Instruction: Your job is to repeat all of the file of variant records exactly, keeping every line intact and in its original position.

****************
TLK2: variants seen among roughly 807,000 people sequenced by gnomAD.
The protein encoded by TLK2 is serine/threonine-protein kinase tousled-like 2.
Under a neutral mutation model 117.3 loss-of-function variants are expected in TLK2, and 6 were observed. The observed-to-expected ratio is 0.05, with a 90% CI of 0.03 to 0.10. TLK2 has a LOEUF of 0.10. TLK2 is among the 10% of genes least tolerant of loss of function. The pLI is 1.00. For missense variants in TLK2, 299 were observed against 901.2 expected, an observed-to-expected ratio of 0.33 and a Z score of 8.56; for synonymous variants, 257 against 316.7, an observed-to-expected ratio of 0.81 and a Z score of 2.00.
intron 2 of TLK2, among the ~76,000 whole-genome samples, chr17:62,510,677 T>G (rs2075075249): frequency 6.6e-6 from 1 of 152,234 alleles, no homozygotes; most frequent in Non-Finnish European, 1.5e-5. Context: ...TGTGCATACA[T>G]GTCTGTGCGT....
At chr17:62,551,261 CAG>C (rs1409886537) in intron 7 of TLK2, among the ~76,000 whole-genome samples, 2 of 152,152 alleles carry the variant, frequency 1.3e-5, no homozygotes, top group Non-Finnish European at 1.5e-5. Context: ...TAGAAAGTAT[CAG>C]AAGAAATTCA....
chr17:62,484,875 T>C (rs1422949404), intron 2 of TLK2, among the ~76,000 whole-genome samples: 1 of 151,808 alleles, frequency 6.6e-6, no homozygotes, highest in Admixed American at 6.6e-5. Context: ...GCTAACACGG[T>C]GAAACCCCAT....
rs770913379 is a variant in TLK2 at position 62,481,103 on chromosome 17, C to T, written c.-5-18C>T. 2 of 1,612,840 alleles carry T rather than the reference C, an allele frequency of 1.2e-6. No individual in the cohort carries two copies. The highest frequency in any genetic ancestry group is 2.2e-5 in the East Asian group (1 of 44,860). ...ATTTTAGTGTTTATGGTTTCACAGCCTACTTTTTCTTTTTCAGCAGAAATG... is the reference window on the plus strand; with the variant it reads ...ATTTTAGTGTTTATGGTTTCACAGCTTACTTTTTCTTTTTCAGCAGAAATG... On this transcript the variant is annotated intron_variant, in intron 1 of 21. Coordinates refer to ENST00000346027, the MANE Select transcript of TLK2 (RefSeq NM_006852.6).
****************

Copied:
TLK2: variants seen among roughly 807,000 people sequenced by gnomAD.
The protein encoded by TLK2 is serine/threonine-protein kinase tousled-like 2.
Under a neutral mutation model 117.3 loss-of-function variants are expected in TLK2, and 6 were observed. The observed-to-expected ratio is 0.05, with a 90% CI of 0.03 to 0.10. TLK2 has a LOEUF of 0.10. TLK2 is among the 10% of genes least tolerant of loss of function. The pLI is 1.00. For missense variants in TLK2, 299 were observed against 901.2 expected, an observed-to-expected ratio of 0.33 and a Z score of 8.56; for synonymous variants, 257 against 316.7, an observed-to-expected ratio of 0.81 and a Z score of 2.00.
intron 2 of TLK2, among the ~76,000 whole-genome samples, chr17:62,510,677 T>G (rs2075075249): frequency 6.6e-6 from 1 of 152,234 alleles, no homozygotes; most frequent in Non-Finnish European, 1.5e-5. Context: ...TGTGCATACA[T>G]GTCTGTGCGT....
At chr17:62,551,261 CAG>C (rs1409886537) in intron 7 of TLK2, among the ~76,000 whole-genome samples, 2 of 152,152 alleles carry the variant, frequency 1.3e-5, no homozygotes, top group Non-Finnish European at 1.5e-5. Context: ...TAGAAAGTAT[CAG>C]AAGAAATTCA....
chr17:62,484,875 T>C (rs1422949404), intron 2 of TLK2, among the ~76,000 whole-genome samples: 1 of 151,808 alleles, frequency 6.6e-6, no homozygotes, highest in Admixed American at 6.6e-5. Context: ...GCTAACACGG[T>C]GAAACCCCAT....
rs770913379 is a variant in TLK2 at position 62,481,103 on chromosome 17, C to T, written c.-5-18C>T. 2 of 1,612,840 alleles carry T rather than the reference C, an allele frequency of 1.2e-6. No individual in the cohort carries two copies. The highest frequency in any genetic ancestry group is 2.2e-5 in the East Asian group (1 of 44,860). ...ATTTTAGTGTTTATGGTTTCACAGCCTACTTTTTCTTTTTCAGCAGAAATG... is the reference window on the plus strand; with the variant it reads ...ATTTTAGTGTTTATGGTTTCACAGCTTACTTTTTCTTTTTCAGCAGAAATG... On this transcript the variant is annotated intron_variant, in intron 1 of 21. Coordinates refer to ENST00000346027, the MANE Select transcript of TLK2 (RefSeq NM_006852.6).